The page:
Monday, June 16, 2008
Despite the fact that the National Gallery has the only painting by Leonardo da Vinci in America, the dish-faced Ginevra de'Benci, as well as slew of wonderful Degas (my favorite artist by far), Vermeers (3 1/2, including the perfect Red Hat) and caricature busts by Daumier (the whole Legislative Belly); despite all that, the National Gallery painting that first made an impression on me is the one with the shark in it. It's called Watson and the Shark and it's by John Singleton Copley and it scares the pants off every kid who sees it, in an enjoyable kind of way. Brooke Watson, here depicted getting his foot chewed off, later became a wealthy London merchant and eventually Lord Mayor of London, and he bragged about his shark misadventure incessantly, even featuring a disembodied foot on his coat of arms. His political opponents circulated a snarky rhyme about how much he would've been improved if the shark had gotten his head instead. He sounds insufferable. But he commissioned this painting, beloved by schoolchildren all over DC.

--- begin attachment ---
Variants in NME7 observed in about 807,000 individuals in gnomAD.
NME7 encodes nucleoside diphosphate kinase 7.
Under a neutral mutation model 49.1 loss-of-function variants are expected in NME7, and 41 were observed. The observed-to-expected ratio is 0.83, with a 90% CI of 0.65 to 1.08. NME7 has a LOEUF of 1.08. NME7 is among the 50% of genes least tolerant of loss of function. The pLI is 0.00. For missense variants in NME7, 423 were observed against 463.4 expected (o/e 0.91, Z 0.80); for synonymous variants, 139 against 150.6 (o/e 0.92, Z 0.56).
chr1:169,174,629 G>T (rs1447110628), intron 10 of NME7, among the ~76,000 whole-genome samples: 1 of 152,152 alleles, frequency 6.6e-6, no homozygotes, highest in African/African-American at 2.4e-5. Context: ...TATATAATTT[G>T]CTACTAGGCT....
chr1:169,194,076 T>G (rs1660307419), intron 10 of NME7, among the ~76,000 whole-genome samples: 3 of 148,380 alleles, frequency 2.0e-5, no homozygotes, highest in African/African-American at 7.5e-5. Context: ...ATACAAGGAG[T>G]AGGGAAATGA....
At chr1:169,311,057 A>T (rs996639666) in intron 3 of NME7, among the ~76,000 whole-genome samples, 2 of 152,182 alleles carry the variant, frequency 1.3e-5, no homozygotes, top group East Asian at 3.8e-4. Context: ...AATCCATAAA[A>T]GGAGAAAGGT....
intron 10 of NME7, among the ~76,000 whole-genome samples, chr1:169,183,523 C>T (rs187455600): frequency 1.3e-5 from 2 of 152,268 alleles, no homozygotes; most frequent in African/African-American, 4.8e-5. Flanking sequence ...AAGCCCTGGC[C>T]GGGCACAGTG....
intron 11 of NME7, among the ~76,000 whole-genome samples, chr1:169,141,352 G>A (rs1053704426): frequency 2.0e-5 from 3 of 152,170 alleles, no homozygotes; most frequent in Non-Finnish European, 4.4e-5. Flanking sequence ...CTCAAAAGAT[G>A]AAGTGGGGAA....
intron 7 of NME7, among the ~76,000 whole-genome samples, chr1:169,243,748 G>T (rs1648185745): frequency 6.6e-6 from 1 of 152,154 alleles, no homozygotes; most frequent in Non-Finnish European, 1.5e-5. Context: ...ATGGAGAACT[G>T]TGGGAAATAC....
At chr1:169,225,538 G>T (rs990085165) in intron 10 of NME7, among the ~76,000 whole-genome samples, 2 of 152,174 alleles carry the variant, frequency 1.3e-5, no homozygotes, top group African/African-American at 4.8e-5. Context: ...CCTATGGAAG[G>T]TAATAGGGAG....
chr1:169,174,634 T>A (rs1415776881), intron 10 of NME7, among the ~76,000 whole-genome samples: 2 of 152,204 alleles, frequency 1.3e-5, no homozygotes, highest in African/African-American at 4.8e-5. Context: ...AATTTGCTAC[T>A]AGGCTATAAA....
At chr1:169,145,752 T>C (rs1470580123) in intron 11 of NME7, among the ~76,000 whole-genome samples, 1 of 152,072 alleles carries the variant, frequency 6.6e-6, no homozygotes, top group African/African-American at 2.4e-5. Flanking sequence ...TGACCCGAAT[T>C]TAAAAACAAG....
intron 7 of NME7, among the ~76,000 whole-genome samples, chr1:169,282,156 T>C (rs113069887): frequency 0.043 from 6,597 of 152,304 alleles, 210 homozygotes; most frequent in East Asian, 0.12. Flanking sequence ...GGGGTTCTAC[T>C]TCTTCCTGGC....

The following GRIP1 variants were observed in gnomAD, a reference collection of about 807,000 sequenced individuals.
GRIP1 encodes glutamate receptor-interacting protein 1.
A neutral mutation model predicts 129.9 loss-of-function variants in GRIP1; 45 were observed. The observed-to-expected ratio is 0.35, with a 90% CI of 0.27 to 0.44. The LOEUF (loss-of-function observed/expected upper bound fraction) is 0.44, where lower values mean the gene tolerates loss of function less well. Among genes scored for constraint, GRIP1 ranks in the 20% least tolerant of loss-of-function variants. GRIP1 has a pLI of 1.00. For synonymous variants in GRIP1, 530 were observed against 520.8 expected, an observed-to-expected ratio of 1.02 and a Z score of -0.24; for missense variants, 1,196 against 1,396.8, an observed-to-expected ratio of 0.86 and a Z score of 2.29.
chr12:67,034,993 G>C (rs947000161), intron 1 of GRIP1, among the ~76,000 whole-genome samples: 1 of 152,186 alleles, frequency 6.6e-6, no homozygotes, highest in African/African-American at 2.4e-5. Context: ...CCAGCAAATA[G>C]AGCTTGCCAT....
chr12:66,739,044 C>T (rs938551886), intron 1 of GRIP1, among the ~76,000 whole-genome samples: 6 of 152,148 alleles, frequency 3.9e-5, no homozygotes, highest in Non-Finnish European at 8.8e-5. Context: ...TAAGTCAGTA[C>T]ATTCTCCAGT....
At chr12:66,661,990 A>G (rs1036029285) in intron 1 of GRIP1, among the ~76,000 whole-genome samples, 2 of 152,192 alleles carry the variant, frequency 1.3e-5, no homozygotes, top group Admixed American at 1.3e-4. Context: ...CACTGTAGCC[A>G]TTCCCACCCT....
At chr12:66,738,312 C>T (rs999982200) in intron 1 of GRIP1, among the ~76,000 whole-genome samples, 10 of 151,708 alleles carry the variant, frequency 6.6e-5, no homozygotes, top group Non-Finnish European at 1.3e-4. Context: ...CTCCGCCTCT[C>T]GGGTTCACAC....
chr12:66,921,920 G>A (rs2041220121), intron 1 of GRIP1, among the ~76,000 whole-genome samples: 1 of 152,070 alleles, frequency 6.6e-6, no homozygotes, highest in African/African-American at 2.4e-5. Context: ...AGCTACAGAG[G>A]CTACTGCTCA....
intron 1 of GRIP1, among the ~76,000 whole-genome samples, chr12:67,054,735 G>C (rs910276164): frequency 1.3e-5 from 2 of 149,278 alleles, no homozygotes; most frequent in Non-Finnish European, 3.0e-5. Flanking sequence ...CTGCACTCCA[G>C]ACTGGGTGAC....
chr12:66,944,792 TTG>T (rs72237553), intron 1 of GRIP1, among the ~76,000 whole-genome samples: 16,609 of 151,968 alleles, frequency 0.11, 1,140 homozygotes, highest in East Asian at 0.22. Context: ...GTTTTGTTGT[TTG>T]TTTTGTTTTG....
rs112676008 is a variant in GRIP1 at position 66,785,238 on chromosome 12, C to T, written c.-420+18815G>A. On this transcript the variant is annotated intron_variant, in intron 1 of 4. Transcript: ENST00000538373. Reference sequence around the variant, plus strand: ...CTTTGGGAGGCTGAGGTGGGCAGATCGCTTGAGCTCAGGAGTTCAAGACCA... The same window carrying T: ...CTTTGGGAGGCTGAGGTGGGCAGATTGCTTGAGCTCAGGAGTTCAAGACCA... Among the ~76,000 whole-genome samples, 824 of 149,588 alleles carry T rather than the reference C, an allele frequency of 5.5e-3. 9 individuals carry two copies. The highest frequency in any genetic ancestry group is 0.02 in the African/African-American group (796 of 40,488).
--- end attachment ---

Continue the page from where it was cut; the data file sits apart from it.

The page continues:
I also remember going to the National Gallery back in the early 60s, when the Mona Lisa came to town. My mom and I stood in line forever, eventually entering a long room hung with deep red velvet curtains, and on the far wall there she was, large as life and twice as natural. I'd remember it even more vividly if Leonardo had somehow worked a shark into his composition.
UPDATE: In an almost unbelievable bit of harmonic convergence, my wife has this drawing of Brooke Watson on the computer desktop. She's doing an Art Ace class today at the elementary school, where a parent volunteer comes in and talks about an artist or arwork and the class does a little project based on it. And today by golly she's doing Watson and the Shark. I didn't know about this till after I'd started posting this series. I see the Hand of Fate in this; or maybe the Foot.